Tuesday, May 13, 2008

The Reality of Losing a Law Enforcement Officer

by Suzie Sawyer
Executive Director, Concerns of Police Survivors

Reality shows are certainly proving to be the latest rage in America. People are moving in together, competing to lose the most weight, tripping the light fantastic, singing their way onto CD's, and vying for the hand of beautiful people. Americans are certainly hooked on reality television.

We settle back each night to watch these shows and during the year also watch many law enforcement shows that depict the line-of-duty death of an officer. There may be a short clip of the officer's funeral in the show, and then life in the precinct station returns to normal. In most cases, the officer is written from the script and never mentioned again.

While the media will be able to catch their snippets of footage of grieving family members at the May 13 Candlelight Vigil at the National Law Enforcement Officers Memorial and the May 15 National Peace Officers Memorial Service on the West Front of the United States Capitol, the "real life" scenarios will play out at the National Police Survivors' Conference.

Any media representative who chooses to come to the National Police Survivors' Conference on either May 14 or May 16 will learn that each and every day the memory of the fallen officer is very much a part of their surviving family and the affected co-workers. In reality, they can never be written out of the script. At the Hilton Alexandria Mark Center Hotel, 5000 Seminary Road, Alexandria, VA, 1,400 family members of America's fallen law enforcement officers will be attending the National Police Survivors' Conference. They will share their stories of loss and coping with other law enforcement survivors. For many of these families, this is where the healing process will begin.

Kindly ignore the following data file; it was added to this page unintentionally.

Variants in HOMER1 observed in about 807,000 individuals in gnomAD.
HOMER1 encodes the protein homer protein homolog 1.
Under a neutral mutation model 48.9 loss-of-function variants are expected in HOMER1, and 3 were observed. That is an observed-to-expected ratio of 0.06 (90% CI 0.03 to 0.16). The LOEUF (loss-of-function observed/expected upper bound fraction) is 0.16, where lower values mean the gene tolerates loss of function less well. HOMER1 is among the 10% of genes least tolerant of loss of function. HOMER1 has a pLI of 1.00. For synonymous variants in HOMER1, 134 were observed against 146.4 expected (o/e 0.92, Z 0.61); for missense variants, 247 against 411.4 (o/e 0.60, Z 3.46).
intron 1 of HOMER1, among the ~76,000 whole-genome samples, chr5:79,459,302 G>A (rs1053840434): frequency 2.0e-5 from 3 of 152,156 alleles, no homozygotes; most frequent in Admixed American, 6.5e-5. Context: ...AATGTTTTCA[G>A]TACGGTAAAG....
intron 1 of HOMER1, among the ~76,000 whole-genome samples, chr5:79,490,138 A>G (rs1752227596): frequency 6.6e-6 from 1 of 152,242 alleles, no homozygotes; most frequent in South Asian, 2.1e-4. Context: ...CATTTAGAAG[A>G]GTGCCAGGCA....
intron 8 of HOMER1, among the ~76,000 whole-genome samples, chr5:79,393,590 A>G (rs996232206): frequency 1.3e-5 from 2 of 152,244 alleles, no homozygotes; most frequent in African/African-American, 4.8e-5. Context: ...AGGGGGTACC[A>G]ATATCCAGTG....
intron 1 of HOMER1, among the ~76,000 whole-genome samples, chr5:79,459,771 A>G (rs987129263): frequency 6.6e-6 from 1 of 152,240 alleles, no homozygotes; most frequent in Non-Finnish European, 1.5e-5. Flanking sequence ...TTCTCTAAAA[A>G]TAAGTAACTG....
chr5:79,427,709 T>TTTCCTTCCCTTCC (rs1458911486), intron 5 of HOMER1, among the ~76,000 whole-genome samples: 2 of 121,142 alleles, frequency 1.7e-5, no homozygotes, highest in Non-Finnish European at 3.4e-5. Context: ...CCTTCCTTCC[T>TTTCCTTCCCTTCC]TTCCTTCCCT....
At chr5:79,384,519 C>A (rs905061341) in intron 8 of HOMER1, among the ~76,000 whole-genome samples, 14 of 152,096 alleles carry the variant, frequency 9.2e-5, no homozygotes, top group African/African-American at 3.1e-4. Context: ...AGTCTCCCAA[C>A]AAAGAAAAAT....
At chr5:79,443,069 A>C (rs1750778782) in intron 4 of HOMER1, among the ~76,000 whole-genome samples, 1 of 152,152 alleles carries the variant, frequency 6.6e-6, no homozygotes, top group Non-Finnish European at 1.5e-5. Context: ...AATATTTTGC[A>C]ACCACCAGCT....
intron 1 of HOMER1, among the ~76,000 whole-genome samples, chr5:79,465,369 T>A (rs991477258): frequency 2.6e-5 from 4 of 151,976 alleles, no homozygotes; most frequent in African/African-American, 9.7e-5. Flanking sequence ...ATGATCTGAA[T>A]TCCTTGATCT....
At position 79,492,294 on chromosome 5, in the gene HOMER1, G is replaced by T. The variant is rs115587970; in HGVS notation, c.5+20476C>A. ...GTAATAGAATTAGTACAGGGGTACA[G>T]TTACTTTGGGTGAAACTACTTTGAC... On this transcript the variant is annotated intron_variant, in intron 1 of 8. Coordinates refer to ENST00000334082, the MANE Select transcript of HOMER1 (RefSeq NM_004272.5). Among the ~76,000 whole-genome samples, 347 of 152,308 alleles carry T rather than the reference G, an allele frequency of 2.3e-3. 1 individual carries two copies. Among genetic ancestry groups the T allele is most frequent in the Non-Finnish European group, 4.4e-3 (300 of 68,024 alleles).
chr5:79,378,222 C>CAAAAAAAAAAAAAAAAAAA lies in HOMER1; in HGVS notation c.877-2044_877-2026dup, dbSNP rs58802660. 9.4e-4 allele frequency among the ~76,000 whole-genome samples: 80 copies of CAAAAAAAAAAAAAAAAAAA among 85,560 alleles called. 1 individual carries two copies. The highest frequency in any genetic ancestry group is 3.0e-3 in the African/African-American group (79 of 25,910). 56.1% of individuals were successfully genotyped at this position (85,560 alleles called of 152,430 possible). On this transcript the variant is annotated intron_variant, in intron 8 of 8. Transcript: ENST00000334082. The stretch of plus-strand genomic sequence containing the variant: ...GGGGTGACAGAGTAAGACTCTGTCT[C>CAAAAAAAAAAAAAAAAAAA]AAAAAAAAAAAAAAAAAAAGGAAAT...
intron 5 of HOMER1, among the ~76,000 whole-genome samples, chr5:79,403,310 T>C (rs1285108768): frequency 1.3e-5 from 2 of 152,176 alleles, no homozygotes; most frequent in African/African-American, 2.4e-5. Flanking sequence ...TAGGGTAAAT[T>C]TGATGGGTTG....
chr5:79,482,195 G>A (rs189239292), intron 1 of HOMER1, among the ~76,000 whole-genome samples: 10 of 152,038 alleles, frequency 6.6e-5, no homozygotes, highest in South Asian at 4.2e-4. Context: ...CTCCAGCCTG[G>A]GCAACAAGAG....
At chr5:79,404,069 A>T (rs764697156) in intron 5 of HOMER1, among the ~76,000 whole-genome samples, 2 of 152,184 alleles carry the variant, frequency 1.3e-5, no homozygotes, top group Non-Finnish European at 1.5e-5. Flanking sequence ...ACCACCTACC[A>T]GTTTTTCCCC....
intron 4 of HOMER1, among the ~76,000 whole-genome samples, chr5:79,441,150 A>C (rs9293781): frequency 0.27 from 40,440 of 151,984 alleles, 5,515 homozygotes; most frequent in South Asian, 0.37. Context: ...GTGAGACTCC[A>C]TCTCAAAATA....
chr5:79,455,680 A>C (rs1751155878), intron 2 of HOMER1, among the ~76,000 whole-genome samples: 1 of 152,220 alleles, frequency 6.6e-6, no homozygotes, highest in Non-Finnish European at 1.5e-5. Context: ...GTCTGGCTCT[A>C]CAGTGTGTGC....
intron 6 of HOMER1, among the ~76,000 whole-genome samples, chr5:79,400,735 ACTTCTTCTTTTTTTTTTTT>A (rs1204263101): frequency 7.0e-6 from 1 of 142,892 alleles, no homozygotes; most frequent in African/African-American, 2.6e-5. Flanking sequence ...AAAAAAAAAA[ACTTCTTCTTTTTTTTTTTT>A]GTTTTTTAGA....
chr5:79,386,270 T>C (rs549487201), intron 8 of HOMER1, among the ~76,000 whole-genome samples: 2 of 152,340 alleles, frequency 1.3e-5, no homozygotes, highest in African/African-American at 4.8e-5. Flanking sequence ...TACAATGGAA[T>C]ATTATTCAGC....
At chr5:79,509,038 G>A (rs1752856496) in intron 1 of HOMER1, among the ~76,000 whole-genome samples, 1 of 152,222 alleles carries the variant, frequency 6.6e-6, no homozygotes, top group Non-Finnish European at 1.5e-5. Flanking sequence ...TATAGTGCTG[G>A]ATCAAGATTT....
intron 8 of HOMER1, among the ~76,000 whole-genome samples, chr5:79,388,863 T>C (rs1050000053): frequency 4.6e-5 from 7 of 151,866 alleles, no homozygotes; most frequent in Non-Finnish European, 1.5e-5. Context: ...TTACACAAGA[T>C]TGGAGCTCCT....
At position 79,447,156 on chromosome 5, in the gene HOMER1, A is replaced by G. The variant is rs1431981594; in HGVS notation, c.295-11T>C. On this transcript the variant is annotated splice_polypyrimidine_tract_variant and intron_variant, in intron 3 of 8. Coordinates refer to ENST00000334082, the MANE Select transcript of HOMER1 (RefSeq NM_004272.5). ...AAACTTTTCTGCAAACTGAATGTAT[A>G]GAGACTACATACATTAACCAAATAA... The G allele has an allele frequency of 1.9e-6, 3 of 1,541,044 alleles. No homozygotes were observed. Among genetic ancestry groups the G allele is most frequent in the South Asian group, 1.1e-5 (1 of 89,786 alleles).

Concerns of Police Survivors begins its 25th year of service to America's fallen law enforcement survivors on May 14. The organization now represents over 15,000 surviving families across the United States and has an international affiliate in the United Kingdom.

Knowing that survivors of 2007 will be exceptionally emotional from seeing and/or hearing the name of their loved ones at the May 13 and May 15 services, C.O.P.S. will offer media contacts access to more "seasoned" surviving families to relay the "real life" scenarios of the day-to-day struggles of law enforcement survivors.

For more information on C.O.P.S. or the National Police Survivors' Conference, visit http://www.nationalcops.org/ or call (573) 346-4911.


  1. C.O.P.S.
    Reality is: People all over the world can not live without them.
    I am living without my Police Officer husband as he was killed in the line of duty in 1991.
    I do not think I would have made it to see 2008 without the Concerns of Police Survivors Program and the support of all of the members and especially Suzie Sawyer. God Bless C.O.P.S. and all that they do for those left behind to face the reality for the rest of their lives.
    Judy Mock, Survivor '91
    Ralph H. Mock, Jr., Hampton Twp. Police Dept., PA.

  2. This year marks 30 years since my father was killed in the line of duty. I have the privilege of speaking at the Kansas City Kansas Police Memorial this year to honor my father and all the officers who lost their lives while serving their communities.
    I am thankful to C.O.P.S. and to the KCKPD for their commitment to honoring all the fallen officers.
    God Bless.
    Pier Miller, Survivor '78
    Michael E. Haen, Kansas City Kansas Police Dept.